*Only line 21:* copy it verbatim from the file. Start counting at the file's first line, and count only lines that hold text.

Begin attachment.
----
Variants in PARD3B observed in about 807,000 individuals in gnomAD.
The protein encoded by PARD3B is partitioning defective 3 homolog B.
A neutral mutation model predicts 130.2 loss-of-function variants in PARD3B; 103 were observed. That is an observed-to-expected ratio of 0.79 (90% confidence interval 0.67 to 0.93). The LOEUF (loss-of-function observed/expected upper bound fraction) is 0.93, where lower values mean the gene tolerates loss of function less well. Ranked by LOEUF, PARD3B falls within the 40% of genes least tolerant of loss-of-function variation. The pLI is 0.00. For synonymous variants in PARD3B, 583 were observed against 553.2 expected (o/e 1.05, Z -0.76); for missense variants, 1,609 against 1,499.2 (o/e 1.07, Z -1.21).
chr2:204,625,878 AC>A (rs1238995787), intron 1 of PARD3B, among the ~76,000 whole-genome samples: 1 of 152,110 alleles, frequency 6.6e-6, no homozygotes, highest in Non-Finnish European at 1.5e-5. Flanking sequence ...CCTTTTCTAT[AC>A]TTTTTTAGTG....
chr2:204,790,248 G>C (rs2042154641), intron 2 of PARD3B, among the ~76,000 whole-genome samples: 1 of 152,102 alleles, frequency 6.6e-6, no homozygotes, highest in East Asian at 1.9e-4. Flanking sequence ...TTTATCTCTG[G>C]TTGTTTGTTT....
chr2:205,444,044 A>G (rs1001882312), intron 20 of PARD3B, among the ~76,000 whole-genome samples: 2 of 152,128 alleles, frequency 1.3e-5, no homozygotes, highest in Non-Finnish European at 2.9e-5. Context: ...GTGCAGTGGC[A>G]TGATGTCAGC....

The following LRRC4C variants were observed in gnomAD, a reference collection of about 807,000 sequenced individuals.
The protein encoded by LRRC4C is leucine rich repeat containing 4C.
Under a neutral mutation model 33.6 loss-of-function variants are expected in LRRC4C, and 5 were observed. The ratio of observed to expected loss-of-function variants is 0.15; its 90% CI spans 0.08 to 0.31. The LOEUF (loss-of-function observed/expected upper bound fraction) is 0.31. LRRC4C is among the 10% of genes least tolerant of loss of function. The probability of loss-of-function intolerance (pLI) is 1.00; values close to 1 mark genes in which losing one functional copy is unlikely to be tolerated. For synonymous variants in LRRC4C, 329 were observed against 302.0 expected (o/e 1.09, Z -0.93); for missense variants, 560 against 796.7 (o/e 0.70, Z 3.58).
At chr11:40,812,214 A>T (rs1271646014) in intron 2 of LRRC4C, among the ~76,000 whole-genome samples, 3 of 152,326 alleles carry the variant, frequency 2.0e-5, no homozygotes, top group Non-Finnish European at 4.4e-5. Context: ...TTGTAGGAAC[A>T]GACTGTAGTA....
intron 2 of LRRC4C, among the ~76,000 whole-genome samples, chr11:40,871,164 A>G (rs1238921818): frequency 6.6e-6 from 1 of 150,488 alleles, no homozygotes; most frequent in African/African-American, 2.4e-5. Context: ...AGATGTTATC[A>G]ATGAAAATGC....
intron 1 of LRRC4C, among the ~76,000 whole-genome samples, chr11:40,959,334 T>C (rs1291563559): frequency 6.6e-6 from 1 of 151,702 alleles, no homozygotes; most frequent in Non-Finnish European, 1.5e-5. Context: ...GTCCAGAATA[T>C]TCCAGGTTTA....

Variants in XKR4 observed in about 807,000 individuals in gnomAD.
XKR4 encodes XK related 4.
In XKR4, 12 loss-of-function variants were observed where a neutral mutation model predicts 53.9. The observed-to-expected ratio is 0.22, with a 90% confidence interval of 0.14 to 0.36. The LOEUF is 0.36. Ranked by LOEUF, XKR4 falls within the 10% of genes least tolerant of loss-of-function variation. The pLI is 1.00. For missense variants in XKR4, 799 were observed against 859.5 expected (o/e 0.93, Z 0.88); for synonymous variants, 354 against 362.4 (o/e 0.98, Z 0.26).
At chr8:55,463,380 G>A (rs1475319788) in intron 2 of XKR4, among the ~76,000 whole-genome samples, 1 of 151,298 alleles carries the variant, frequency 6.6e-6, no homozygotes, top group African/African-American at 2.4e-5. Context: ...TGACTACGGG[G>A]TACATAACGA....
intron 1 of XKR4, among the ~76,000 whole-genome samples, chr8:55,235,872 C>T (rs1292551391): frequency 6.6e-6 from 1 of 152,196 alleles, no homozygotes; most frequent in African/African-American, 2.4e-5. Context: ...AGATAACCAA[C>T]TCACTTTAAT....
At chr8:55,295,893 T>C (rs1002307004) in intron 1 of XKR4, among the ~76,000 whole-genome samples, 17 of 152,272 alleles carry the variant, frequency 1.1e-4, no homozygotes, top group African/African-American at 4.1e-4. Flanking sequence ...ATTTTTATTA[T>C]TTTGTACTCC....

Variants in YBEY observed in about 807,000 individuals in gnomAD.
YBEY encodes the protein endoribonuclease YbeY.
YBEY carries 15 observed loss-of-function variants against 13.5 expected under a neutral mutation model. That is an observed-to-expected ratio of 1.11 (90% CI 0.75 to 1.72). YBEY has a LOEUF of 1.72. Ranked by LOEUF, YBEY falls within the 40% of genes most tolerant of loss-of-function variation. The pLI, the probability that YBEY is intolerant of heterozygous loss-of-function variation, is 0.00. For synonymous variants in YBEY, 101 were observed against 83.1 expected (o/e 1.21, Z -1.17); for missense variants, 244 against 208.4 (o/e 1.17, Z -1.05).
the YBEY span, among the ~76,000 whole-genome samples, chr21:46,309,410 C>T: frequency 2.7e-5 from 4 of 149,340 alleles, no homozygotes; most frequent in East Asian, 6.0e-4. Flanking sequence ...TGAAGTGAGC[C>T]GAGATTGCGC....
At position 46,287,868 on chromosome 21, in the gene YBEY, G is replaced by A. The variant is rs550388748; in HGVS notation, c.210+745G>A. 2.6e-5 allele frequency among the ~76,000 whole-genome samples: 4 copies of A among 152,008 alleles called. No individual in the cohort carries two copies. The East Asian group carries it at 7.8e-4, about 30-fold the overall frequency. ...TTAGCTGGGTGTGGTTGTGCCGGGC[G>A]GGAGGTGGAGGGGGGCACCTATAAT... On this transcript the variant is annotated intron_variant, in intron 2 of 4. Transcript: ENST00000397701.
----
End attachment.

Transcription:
YBEY carries 15 observed loss-of-function variants against 13.5 expected under a neutral mutation model. That is an observed-to-expected ratio of 1.11 (90% CI 0.75 to 1.72). YBEY has a LOEUF of 1.72. Ranked by LOEUF, YBEY falls within the 40% of genes most tolerant of loss-of-function variation. The pLI, the probability that YBEY is intolerant of heterozygous loss-of-function variation, is 0.00. For synonymous variants in YBEY, 101 were observed against 83.1 expected (o/e 1.21, Z -1.17); for missense variants, 244 against 208.4 (o/e 1.17, Z -1.05).